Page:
Vitamins & Coffee:Miscarriage Risk?

"Can Vitamins and Coffee affect Miscarriage Risk?"

Chelsey Windsor

Article Summary

Alice Park wrote an article titled “Can Vitamins and Coffee Affect Miscarriage Risk?” On


March 29, 2016. In summary, the author is comparing caffeine intake (including the


father’s) and multivitamin use to miscarriage rate. In the latest study published in Fertility


and Sterility, 344 heterosexual pregnant couples were studied. The couples kept daily


journals of how much they smoked, amount of alcohol consumed and amount of caffeine


consumed before and after they became pregnant. Of these 344 couples, 28%


miscarried. Of the women taking multivitamins daily, there was a 55% lower risk for


miscarriage. Multivitamins are known to be significantly rewarding during pregnancy.


Doctors now are saying that up to four cups of coffee per day is safe for women


throughout their entire pregnancy. However, scientists have data that suggests (does not


prove) that more than two cups of caffeinated beverages a day may increase miscarriage


risk. Only once did they take into consideration of the women’s age. The researchers


found that the amount of caffeine consumed by each partner had the strongest


connection to miscarriage. Therefore, the study suggest caffeine may increase the risk


for miscarriage. During this study, researchers did not factor in the amount of exercise,


eating habits, numbers of hours asleep, and/or amount of stress/ anxiety; all of which are


higher risk factors that could lead to a potential miscarriage. Also, the amount of caffeine


was not directly monitored by the researchers. The study is no more than a study. It does


not provide pregnant women with a way to stay pregnant; it just suggests things to do to


avoid a miscarriage.

Article Critique

The author, Alice Park, is a journalist for TIME magazine. She is not a researcher nor a


scientist that conducted the study; therefore, she is reporting from other people’s


findings. The website is not a reliable resource either. The website that I used was a


“.com” website and not a “.gov” or “.edu” website. The “.gov” or “.edu” website are usually


backed up with evidence, whereas “.com” websites could be anything else on the


internet from anyone. Basically, “.com” websites are not scholarly. Some information in


the article that I did not agree with was four cups of coffee a day being safe throughout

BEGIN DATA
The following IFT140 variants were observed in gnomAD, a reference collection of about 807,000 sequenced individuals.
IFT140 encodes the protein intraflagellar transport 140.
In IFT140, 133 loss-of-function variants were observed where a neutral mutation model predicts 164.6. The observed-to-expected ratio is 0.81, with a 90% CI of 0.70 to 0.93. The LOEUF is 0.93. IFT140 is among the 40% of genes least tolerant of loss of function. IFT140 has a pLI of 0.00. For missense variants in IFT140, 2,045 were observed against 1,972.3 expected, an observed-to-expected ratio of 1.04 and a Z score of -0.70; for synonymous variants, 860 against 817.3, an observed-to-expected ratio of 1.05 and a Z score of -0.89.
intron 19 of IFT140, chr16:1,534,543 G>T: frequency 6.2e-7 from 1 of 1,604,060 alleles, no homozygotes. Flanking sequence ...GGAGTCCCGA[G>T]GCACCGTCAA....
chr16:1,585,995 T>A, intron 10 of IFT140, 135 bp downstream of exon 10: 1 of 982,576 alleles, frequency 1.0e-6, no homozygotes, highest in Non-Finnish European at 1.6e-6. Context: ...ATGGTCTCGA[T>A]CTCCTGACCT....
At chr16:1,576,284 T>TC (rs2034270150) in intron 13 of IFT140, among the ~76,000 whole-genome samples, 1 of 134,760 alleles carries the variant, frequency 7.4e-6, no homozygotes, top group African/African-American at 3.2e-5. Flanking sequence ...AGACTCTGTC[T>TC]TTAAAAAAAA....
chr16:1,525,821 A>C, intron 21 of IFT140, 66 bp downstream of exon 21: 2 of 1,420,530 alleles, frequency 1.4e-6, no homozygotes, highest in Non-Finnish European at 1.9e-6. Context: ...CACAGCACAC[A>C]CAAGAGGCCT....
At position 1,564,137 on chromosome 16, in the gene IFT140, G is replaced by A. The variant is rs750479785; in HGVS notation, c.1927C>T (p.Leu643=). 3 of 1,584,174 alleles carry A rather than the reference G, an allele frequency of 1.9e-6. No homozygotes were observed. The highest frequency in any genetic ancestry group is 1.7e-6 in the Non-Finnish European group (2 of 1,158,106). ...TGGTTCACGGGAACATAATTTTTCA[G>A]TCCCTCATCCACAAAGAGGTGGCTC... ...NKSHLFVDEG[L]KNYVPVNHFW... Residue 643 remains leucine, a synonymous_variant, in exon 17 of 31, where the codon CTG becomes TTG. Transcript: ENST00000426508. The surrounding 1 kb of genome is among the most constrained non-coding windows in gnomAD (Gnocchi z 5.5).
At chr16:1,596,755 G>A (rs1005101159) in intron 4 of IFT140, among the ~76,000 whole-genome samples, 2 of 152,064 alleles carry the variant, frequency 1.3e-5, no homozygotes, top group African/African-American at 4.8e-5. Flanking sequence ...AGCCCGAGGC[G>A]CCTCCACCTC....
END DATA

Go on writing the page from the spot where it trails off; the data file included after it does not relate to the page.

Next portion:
the whole pregnancy. I do not think this is true. I really don’t agree with anyone drinking


four cups of coffee a day and it be safe, especially pregnant women. That is a lot of


caffeine a day and overtime caffeine can cause plaque buildup which can cause serious


health issues. I also did not agree with the study in general. I think that the study was


pointless to even have. I agree with the author in that fact that there are bigger risk


factors that contribute to miscarriage other than the amount of caffeine consumed. I


think that the researchers should have taken such factors (amount of exercise, eating


habits, numbers of hours asleep, and/or amount of stress/ anxiety) into consideration


and had the couples document these as well as the amount of caffeine to get a better


representation of why miscarriages happen rather than just basing it solely off of the


amount of caffeine consumed. Also, the fact that the researchers did not directly


monitor the amount of caffeine consumed makes the study unreliable in its entirety. If


the researchers did not physically see them consuming the caffeine, how do we know


that the couples are telling the truth in how much was consumed. Also, I do not see why


the father’s amount of caffeine was recorded. I know that couples are pregnant together


and they need to adapt as a family, but the mother is responsible for what she


consumes and what she delivers to the child she is growing in her uterus. Overall, I


agree with multivitamins having a great impact on the essentials a growing fetus needs. I


disagree with caffeine having as great an impact on miscarriage than other risk factors


previously mentioned. I believe that other factors contribute more to miscarriage than


the amount of caffeine consumed.

Citation

Park, A. (2016). Can Vitamins and Coffee Affect Miscarriage Risk?. TIME.com. Retrieved 7 April 2016, from http://time.com/4271275/can-vitamins-and-coffee-affect-miscarriage-risk/